A northern Indiana police officer’s stop and subsequent arrest of an impaired driver was valid even though the policeman had not taken his oath of office, the Indiana Court of Appeals ruled Friday.
Eberaia Fields was pulled over by Warsaw Police Department officer Miles Reichard on a license-plate light infraction. But because of the stop, he later was charged with Level 6 felony operating a vehicle while intoxicated, two counts of Level 6 felony intimidation, and Class C misdemeanor violation of special-driving privileges. Authorities also charged Fields also as a habitual vehicular substance offender.
Fields filed a motion to dismiss the charges after learning Reichard had not been sworn as an officer at the time of the traffic stop. Fields’ motion was denied in the Kosciusko Superior court, prompting this interlocutory appeal in which the COA affirmed the trial court, citing the de facto officer doctrine. The panel found Fields claimed the office of a Warsaw policeman when he accepted the job and began working for the department.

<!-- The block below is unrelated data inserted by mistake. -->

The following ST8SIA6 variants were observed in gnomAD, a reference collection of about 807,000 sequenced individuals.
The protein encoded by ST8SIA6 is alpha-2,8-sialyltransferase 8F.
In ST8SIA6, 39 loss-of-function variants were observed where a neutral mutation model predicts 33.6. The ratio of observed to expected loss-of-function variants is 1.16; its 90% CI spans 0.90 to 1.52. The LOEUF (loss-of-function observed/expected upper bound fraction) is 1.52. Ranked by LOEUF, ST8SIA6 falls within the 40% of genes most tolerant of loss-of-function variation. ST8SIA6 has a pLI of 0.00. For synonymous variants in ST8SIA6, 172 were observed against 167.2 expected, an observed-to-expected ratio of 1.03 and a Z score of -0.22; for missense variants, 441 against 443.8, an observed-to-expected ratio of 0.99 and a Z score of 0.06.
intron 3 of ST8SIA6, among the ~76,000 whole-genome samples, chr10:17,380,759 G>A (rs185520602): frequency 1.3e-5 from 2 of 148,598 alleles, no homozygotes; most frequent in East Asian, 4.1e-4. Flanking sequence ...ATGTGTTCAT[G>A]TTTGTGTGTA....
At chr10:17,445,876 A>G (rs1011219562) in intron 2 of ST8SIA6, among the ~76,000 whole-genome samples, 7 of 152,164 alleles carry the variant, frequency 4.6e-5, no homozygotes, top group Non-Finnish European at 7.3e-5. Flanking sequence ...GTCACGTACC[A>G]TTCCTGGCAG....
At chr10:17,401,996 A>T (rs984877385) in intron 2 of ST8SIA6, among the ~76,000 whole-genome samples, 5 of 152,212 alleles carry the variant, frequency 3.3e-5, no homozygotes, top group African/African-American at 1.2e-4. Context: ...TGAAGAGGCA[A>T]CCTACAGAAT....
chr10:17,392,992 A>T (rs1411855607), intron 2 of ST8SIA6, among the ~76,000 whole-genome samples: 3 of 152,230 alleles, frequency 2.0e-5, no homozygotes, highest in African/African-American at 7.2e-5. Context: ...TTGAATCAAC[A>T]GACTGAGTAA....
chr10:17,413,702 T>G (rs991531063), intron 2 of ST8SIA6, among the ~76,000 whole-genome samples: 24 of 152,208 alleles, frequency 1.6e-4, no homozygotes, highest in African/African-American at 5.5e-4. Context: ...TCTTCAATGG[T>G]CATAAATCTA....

“We find that Officer Reichard’s failure to take the oath is a technical defect in his title to office. But because the record shows that Officer Reichard claimed the office, was in possession of it, and performed its duties under the color of appointment, we conclude that he was acting as a de facto officer at the time of the stop. We therefore affirm the trial court’s denial of Fields’s motion to dismiss the charges against him,” Chief Judge Nancy Vaidik wrote for the panel in Eberaia Fields v. State of Indiana, 43A03-1704-CR-856.
“To conclude otherwise and to dismiss the charges against Fields would run counter to the very purpose of the de facto officer doctrine, which is to insure the orderly functioning of the government despite technical defects in title to office,” Vaidik wrote.